Technical efficiency of pension schemes and provident funds in Kenya: an application of data envelopment analysis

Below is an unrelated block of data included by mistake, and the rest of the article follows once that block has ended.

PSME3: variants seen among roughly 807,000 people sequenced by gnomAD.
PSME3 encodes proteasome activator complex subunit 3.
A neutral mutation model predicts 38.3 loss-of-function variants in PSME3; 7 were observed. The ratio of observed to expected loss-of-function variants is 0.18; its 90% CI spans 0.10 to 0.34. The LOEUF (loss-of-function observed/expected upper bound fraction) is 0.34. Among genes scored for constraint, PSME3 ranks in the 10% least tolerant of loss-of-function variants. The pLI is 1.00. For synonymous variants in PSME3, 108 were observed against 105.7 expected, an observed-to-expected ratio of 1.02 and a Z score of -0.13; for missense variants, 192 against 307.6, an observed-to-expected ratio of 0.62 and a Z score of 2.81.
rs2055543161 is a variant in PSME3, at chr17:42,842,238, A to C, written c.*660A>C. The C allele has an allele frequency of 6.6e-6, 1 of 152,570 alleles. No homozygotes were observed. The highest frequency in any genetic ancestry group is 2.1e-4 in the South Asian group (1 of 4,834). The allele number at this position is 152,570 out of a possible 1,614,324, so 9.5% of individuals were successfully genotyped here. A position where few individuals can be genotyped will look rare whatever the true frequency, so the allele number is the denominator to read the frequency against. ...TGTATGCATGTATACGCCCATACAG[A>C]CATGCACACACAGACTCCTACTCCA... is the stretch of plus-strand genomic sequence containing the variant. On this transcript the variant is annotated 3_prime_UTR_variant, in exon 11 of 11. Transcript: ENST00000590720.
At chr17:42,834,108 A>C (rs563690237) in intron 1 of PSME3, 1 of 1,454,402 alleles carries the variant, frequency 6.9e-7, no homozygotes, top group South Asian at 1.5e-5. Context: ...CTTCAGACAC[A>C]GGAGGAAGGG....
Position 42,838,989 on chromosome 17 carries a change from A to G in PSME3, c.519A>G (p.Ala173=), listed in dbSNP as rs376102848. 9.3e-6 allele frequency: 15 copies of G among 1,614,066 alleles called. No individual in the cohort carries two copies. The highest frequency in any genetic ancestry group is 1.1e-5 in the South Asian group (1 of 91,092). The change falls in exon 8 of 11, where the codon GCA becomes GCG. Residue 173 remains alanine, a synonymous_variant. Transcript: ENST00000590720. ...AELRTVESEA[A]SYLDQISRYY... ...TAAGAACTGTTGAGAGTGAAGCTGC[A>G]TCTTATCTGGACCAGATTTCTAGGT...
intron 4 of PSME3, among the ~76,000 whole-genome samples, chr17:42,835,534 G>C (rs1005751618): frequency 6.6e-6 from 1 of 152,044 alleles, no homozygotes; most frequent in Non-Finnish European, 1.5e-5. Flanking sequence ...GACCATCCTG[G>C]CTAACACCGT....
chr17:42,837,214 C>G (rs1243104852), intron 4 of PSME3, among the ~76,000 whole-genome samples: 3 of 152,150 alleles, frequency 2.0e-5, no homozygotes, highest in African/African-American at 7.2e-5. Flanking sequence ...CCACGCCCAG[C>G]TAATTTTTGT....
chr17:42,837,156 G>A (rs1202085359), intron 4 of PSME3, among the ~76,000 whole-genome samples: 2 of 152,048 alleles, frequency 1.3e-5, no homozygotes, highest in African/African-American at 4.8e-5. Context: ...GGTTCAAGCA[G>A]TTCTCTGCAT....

Pension schemes and provident funds in Kenya have expanded in terms of members and contributions. However, little is known about their level of technical efficiency. The purpose of this study was to estimate technical efficiency of pension schemes and provident funds in Kenya and to identify the factors that are likely to influence their technical efficiency. In this study, data from 161 pension funds and provident funds are sampled. Of the 161 pension schemes, 118 schemes are pension funds while 43 schemes are provident funds. Input oriented data envelopment analysis is used to calculate constant returns to scale and variable returns to scale technical efficiency scores. The study also estimated both Tobit model and liner model to identify the determinants of technical and scale efficiency of pension funds and provident funds in the second stage. In the second stage, regression is estimated having the technical and scale efficiency scores as dependent variables. The independent variables for the regression analysis are age, size, market share of the pension scheme or provident fund, employer contribution rate and the employee contribution rate to the pension scheme. The results revealed that of the 118 pension funds only 4 were fully technically efficient with the majority (73 pension funds) having technical efficiency score of less than 50 per cent. Of the 43 provident funds ,15 had technical efficiency score of 70 per cent and above. The mean scale efficiency scores for pension funds was 83.9 per cent while for provident funds was 74.9 per cent. A scale efficiency score of less than 100 per cent implies that pension funds and provident funds in Kenya are not operating at optimal scale or size. Market share and size was positively related to technical efficiency of pension funds while age, employer contribution rate and employee contribution rate were negatively related to technical efficiency for pension funds. On the other hand, the newly formed pension funds were found to be technically efficient when compared to older pension funds. The higher the rate of contribution to a pension fund by the employer the less technically efficient will the pension fund operate. On scale efficiency, age and size of a pension fund were found to be negatively related to scale technical efficiency while market share, employer contribution rate, and employee contribution rate had a positive relationship. For provident funds, market share and employer contribution rate had a positive relationship with technical efficiency while age, size, and employee contribution rate had a negative relationship. The implication of these results is that the higher the provident fund’s market share is in the industry, the greater will be its technical efficiency. The higher is the employer contribution rate; the provident fund will tend to operate technically efficiently. On the other hand, older provident funds and tend to be less technically efficient. Further, the bigger the size of a provident fund, the less technical efficient it will be. On scale technical efficiency, age, size, and employer contribution rate had negative relationship with scale technical efficiency while market share had a positive relationship. The low technical efficiency score reflects that a greater amount of inputs to the pension schemes is wasted. Pension schemes need to improve their technical efficiency since the levels observed are below the frontier. Further, the results of this study can heighten the awareness of policymakers in Kenya regarding the technical efficiency of the pension schemes in light of its primary objective of providing income at retirement.